“When awake, he thought only of the great black tulip; when asleep, he dreamed of nothing else.”
– Alexandre Dumas, The Black Tulip
“For any act done consciously may be defiant, may be independent, may change life utterly.
But one can only act thus if one knows there is no safety… One must wait outside. There is no hiding away from storm, waste, injustice, death. There is no stopping, only a pretense, a mean, stupid pretense of being safe and letting time and evil pass by outside. But we are all outside, Piera thought, and all defenseless. There is no safe house but death.”
– from Malafrena, by Ursula K. Le Guin
“She fantasized about sitting in a nest, on an egg, about venturing into the fields with the rooster, and about following the ducks around. She sighed. It was pointless to dream. It would never happen to her.”
– from The Hen Who Dreamed She Could Fly, by Sun-mi Hwang, translated by Chi-Young Kim
“When God began to create heaven and earth, and the earth then was welter and waste and darkness over the deep and God’s breath hovering over the waters, God said, ‘Let there be light.’ And there was light.”
*welter and waste. The Hebrew thou wabohu occurs only here and in two later biblical texts that are clearly alluding to this one. The second word of the pair looks like a nonce term coined to rhyme with the first and to reinforce it, an effect I have tried to approximate in English by alliteration. Thou by itself means emptiness or futility, and in some contexts is associated with the trackless vacancy of the desert.
– Genesis 1:1, translated by Robert Alter, with commentary
“Naples was the great European metropolis where faith in technology, in science, in economic development, in the kindness of nature, in history that leads of necessity to improvement, in democracy, was revealed, most clearly and far in advance, to be completely without foundation. To be born in that city–I went so far as to write once, thinking not of myself but of Lila’s pessimism– is useful for only one thing: to have always known, almost instinctively, what today, with endless fine distinctions, everyone is beginning to claim: that the dream of unlimited progress is in reality a nightmare of savagery and death.”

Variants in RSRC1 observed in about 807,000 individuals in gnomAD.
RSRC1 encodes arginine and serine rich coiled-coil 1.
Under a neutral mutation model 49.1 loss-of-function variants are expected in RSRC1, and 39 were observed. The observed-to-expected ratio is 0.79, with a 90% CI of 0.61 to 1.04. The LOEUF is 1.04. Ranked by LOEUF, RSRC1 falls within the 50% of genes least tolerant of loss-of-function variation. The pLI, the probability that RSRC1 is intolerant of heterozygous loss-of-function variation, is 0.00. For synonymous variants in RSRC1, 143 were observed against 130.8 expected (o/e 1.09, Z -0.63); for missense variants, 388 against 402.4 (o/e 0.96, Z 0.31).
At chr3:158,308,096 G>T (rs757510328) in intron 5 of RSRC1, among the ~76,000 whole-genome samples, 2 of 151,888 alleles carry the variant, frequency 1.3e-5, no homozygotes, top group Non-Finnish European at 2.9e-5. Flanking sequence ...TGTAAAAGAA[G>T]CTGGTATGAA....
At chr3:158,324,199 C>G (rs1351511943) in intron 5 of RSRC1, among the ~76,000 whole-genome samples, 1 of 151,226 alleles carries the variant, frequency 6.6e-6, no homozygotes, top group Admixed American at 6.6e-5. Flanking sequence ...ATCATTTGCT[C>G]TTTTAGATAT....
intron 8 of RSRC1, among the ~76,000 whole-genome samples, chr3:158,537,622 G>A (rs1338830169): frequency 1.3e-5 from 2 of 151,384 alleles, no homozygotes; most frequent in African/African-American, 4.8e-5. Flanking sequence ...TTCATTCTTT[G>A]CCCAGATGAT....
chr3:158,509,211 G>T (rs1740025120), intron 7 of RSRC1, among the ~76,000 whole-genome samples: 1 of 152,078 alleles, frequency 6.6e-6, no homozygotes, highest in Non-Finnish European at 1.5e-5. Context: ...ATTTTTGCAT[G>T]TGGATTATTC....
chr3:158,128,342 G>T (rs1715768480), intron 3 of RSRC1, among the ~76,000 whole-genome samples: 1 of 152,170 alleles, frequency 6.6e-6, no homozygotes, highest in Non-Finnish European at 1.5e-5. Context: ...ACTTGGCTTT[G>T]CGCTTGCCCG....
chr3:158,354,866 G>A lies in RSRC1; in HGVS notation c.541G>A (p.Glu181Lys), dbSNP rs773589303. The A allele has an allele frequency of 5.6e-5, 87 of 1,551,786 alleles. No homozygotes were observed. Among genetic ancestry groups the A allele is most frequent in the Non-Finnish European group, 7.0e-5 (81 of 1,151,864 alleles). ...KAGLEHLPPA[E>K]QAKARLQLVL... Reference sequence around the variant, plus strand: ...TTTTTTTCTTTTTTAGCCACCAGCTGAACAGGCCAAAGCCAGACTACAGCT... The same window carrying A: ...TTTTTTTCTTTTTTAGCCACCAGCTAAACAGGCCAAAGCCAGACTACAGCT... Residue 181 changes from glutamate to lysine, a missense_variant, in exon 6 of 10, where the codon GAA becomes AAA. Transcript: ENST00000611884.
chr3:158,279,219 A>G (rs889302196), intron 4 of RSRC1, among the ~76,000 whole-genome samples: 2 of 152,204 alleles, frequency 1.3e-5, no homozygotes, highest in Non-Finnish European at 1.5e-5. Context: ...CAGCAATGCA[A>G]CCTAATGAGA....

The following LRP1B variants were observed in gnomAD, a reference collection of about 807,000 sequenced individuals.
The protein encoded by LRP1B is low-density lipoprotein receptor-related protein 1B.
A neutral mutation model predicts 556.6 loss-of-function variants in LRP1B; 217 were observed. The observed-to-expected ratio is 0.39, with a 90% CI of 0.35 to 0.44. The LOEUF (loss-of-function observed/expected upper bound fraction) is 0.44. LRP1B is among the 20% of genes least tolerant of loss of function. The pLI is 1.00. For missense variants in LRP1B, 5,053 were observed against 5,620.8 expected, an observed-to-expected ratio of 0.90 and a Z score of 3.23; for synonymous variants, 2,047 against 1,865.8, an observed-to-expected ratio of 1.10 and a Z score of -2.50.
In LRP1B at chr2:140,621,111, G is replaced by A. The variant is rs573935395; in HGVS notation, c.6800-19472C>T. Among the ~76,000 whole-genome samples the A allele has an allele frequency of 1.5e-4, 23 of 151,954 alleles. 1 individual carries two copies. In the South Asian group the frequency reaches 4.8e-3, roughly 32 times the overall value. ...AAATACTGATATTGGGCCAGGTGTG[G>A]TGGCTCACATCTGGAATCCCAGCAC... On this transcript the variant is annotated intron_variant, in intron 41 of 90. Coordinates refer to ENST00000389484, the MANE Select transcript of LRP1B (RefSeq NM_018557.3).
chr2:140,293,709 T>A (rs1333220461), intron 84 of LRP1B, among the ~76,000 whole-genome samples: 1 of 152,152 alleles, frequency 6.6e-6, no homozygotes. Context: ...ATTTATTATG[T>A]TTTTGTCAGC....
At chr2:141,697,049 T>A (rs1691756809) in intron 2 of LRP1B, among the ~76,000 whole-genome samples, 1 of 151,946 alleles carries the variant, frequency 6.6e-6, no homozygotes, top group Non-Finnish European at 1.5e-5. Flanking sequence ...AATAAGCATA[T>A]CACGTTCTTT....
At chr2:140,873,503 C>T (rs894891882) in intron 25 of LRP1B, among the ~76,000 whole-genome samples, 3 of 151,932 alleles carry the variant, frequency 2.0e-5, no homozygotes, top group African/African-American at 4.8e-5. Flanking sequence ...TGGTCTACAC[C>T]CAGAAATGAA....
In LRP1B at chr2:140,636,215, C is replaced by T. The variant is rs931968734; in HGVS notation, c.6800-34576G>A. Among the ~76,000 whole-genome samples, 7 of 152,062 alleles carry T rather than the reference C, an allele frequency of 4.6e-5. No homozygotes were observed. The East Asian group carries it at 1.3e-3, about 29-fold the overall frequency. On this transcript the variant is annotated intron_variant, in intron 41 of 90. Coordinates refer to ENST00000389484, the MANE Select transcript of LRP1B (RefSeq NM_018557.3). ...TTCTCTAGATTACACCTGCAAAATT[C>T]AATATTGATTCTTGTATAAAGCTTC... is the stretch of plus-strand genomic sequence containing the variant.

“We had maintained the bond between our two stories, but by subtraction. We had become for each other abstract entities, so that now I could invent her for myself both as an expert in computers and as a determined and implacable urban guerrilla, while she, in all likelihood, could see me both as the stereotype of the successful intellectual and as a cultured and well-off woman, all children, books, and highbrow conversation with an academic husband. We both needed new depth, body, and yet we were distant and couldn’t give it to each other.”
-Elena Ferrante, Those Who Leave and Those Who Stay, translated from Italian by Ann Goldstein
“…I had made the whole journey mainly to show her what she had lost and what I had won. But she had known from the moment I appeared, and now, risking tensions with her workmates, and fines, she was explaining to me that I had won nothing, that in the world there is nothing to win, that her life was full of varied and foolish adventures as much as mine, and that time simply slipped away without any meaning, and it was good just to see each other every so often to hear the mad sound of the brain of one echo in the mad sound of the brain of the other.”
– The Story of a New Name, by Elena Ferrante
DRACO (roar): My son is missing!
GINNY (an equal roar): So is mine!
He meets her look. There’s real emotion in this room.